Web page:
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College students are young, have little or no history of voting, and are residentially mobile, which makes them a population in great need of registering to vote. Universities have a civic, pedagogical, and legal obligation to register their students to vote. In 2006, we conducted a controlled experiment across 16 college campuses to test the efficacy of classroom presentations to increase voter registration. The 25,256 students across more than 1,026 classrooms were randomly assigned to one of three conditions: (1) a control group receiving no presentation; (2) a presentation by a professor; and (3) a presentation by a student volunteer. Verifying registration and voter turnout from a national voter database, we found that both types of presentations increased overall registration by 6 percentage points and turnout rates by approximately 2.6 percentage points. These results demonstrated that universities can take simple steps to engage their students in politics.
This Short Review critically evaluates three hypotheses about the effects of emotion on memory: First, emotion usually enhances memory. Second, when emotion does not enhance memory, this can be understood by the magnitude of physiological arousal elicited, with arousal benefiting memory to a point but then having a detrimental influence. Third, when emotion facilitates the processing of information, this also facilitates the retention of that same information. For each of these hypotheses, we summarize the evidence consistent with it, present counter-evidence suggesting boundary conditions for the effect, and discuss the implications for future research. (JINS, 2013, 19, 1–9)
This year's participants in the Civic Engagement II track agreed with
last year's participants that civic engagement is both a means and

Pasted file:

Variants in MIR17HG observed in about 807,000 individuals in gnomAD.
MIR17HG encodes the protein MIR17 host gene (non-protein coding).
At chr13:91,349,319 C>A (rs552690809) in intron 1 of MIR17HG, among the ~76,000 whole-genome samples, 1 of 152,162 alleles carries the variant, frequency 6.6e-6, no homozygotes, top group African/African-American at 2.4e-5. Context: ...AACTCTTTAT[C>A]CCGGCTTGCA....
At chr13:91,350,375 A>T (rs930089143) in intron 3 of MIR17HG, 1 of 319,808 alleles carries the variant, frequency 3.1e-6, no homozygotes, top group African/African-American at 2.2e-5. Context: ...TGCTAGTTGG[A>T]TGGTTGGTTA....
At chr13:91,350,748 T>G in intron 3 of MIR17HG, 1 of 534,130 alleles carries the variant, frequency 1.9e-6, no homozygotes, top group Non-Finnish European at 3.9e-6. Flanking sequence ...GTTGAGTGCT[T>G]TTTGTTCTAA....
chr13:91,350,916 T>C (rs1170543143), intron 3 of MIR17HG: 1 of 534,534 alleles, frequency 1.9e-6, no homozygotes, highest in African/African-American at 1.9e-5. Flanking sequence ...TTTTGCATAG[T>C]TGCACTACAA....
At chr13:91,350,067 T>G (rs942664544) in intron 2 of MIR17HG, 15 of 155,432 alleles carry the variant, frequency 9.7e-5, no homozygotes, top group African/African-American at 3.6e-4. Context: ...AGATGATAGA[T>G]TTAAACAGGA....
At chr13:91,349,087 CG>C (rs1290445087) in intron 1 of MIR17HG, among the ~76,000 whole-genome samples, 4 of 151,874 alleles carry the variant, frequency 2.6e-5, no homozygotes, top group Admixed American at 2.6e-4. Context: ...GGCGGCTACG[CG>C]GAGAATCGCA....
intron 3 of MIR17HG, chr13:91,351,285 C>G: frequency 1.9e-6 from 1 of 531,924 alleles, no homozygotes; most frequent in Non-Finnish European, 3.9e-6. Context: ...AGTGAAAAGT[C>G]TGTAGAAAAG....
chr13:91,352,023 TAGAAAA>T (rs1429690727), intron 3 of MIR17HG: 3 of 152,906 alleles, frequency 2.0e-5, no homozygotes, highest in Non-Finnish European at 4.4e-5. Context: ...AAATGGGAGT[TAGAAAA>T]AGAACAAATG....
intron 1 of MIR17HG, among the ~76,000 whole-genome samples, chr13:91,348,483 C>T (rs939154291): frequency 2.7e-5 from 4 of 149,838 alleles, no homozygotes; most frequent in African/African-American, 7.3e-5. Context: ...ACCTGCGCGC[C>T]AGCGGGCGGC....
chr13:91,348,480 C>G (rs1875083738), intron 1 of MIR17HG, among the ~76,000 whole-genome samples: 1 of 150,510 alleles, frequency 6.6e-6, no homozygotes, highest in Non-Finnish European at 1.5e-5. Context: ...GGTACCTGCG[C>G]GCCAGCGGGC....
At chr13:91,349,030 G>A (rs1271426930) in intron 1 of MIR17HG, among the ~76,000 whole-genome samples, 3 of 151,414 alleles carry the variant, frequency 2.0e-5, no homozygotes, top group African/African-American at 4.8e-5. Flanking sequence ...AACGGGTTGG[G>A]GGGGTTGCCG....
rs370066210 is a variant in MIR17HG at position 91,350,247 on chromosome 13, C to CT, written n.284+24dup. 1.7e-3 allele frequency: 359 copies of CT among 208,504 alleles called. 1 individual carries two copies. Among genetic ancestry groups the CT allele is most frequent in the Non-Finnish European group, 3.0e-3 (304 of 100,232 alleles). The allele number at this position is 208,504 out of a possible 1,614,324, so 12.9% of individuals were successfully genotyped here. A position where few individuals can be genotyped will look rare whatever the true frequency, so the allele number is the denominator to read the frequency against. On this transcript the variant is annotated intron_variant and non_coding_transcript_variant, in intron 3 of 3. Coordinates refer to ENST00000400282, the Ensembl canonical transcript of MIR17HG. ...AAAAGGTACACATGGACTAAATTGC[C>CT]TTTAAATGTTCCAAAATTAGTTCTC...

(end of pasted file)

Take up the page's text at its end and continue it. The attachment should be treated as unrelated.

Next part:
an end. Active learning through community or political engagement
can provide students with a deeper understanding of political
science concepts while also helping them develop the skills they
need to become engaged citizens. Participants in this year's track
focused on how to assess the knowledge, skills, and dispositions
that students develop through coursework, internships, and
The seventh annual Teaching and Learning Conference (TLC) was held in Philadelphia, Pennsylvania, from February 5 to 7, 2010, with 224 attendees onsite. The theme for the meeting was “Advancing Excellence in Teaching Political Science.” Using the working-group model, the TLC track format encourages in-depth discussion and debate on research dealing with the scholarship of teaching and learning.
Community-based learning (CBL) reflects the principle that political
science courses should do more than simply teach students about
politics. As participants in the community-based learning track, we
believe that courses in our discipline should equip students with
the combination of knowledge, skills, and values required to engage
in a life of active citizenship. Designing a course that meets these
goals is not impossible. Community-based projects include several
different types of experiential learning, including:
service-learning, community-based learning, and community-based
research. We believe that all of these forms of learning about,
from, and with the community inspire and encourage students to live
an active political life.